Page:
A little while ago Dr Andrew Weatherall was asked to give a talk on the difficult paediatric airway. The audience was a variety of emergency medicine doctors, nursing staff and allied health staff. He decided to try something dopey – audience participation. It wasn’t recorded so here’s the written version where the aim is toContinue reading “Slaying Different Dragons – A Quest — Songs or Stories”
Category Archives: children
Peds Pearls “The Book” giveaway competition
How full can the balloon be?
Ultrasound. Is there anything it can’t do? Well, yes. Lots of things although gastric ultrasound is supposed to be one of the things it does do. Andrew Weatherall has a bit on ultrasounds, guts and the real question: when should we worry about aspiration? I’d like to think I’m pretty welcoming of technology. I amContinue reading “How full can the balloon be?”
The Dangerous Little Details
A new bit of research is out looking at paediatric intubation in the prehospital and retrieval setting. Picking it up and turning it this way, that way and all around, here’s Dr Andrew Weatherall. Advanced prehospital practitioners that I’ve met have some pretty common traits. They are pretty comfortable around things that other people might findContinue reading “The Dangerous Little Details”
If you are talking about things which don’t have a huge amount of evidence but need an answer you try to achieve consensus. Here’s a little thing from Andrew Weatherall (@AndyDW_) on a recent animal wrangling publication on paediatric regional anaesthetic hot topics. Creative people can be inspirational. They can be irritating. They can astonish andContinue reading “Animal Wrangling”
PHARM Christmas 2015 Competition!
Quality Metrics in Neonatal and Pediatric Critical Care Transport: A National Delphi Project.
Revolutionary pediatric #PHARM Quality Metrics work from #AAP, laying the groundwork for @AMPAdocs‘ #GAMUT project: pic.twitter.com/SpsuQgXy0T — Bill Hinckley (@UCAirCareDoc) November 20, 2015 Quality Metrics in Neonatal and Pediatric Critical Care Transport: A National Delphi Project.
Summers Past – A Look Back at Drowning Cases
A quick post on a recent paper from one of the authors, Andrew Weatherall. You can get the full text over here and it might be worth having a quick look at a quick review of a study from the Netherlands that Alan Garner did previously. Every summer, for too many summers, prehospital teams at CareFlightContinue reading “Summers Past – A Look Back at Drowning Cases”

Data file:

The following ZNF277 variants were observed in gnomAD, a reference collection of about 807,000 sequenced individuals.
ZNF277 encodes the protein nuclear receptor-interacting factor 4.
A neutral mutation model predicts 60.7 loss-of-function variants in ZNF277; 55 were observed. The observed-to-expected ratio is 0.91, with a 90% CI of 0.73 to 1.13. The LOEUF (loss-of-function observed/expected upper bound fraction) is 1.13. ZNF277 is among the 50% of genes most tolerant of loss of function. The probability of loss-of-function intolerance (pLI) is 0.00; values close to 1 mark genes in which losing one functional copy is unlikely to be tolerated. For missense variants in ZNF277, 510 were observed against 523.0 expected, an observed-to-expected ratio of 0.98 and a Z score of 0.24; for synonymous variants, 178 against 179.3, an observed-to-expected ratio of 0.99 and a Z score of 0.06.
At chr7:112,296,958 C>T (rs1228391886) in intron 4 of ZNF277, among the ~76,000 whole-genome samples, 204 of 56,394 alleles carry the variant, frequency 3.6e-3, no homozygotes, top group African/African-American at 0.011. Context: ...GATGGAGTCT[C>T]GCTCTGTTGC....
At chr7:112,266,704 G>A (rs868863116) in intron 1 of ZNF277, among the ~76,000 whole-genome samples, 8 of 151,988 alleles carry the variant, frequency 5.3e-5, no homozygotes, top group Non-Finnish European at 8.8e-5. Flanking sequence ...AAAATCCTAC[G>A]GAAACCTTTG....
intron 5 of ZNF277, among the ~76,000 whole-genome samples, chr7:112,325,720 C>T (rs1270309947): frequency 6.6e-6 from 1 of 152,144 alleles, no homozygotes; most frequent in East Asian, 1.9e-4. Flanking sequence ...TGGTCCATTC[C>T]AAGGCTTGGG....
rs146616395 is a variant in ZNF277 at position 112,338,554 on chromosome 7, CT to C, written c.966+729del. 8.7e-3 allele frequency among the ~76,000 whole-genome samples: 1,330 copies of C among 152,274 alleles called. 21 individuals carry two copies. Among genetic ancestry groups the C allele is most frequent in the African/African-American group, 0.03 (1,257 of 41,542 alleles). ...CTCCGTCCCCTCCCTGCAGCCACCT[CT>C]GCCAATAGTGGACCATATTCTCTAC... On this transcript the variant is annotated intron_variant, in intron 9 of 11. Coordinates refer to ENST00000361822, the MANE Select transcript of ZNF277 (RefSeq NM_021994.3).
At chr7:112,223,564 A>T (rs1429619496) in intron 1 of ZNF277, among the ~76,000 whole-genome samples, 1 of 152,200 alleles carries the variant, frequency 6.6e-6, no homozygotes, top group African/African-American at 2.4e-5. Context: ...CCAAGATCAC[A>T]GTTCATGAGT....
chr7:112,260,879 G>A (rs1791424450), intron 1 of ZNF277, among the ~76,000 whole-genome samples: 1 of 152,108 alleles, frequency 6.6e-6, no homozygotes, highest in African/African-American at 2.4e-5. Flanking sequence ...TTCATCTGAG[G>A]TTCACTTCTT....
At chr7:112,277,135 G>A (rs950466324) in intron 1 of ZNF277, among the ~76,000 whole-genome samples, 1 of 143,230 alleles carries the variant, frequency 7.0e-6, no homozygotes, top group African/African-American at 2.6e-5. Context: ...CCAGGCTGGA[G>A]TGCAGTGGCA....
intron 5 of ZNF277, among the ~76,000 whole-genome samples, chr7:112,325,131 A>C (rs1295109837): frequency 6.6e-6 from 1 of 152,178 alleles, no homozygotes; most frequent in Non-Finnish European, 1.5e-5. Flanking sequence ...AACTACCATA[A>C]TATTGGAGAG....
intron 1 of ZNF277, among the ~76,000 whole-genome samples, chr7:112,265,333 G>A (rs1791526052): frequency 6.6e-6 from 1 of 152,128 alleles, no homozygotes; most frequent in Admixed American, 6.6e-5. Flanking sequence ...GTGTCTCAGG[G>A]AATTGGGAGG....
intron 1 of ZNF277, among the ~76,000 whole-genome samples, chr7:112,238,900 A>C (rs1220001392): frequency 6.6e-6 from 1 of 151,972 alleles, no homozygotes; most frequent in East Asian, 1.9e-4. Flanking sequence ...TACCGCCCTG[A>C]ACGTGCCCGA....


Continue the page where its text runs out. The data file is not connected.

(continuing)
The Podcast Ep 1 – TIVA in Kids
OK. So we would like there to be more than one way this site interacts with the big wide world of people providing perioperative care (and sometimes just critical care) for kids. So here’s a go at a podcast. Before getting into it, there are some standard “I’m a rookie” podcast apologies to make: ThisContinue reading “The Podcast Ep 1 – TIVA in Kids”
Paediatric Pain and Sedation – Tips to Change Your Practice from #EuSEM15
Blog post version of Natalie May’s talk from #EuSEM15 on paediatric pain and sedation in the emergency department with tips to change your practice. Source: Paediatric Pain and Sedation – Tips to Change Your Practice from #EuSEM15
Fluids and Kids: What Now?
Kath Maitland, the author of the FEAST study, talks about where we go now with fluids in kids, following FEAST Source: Fluids and Kids: What Now?
PeDI Registry: Higher Morbidity and Mortality Rates in Children With Multiple Intubation Attempts
PeDI Registry: Higher Morbidity and Mortality Rates in Children With Multiple Intubation Attempts http://t.co/flI1LsCo9M #anesthesianews — Anesthesiology News (@anesthesianews) July 8, 2015 //platform.twitter.com/widgets.js
Revisiting Old Stories About Little Airways
Source: Revisiting Old Stories About Little Airways
Successful Tracheal Intubation In Children With Difficult Airways: Seven Secret Techniques Every Anesthesiologist Should Know
Successful Tracheal Intubation In Children With Difficult Airways: 7 Secret Techniques https://t.co/6edgRfURli #anesthesianews — Anesthesiology News (@anesthesianews) August 20, 2015 //platform.twitter.com/widgets.js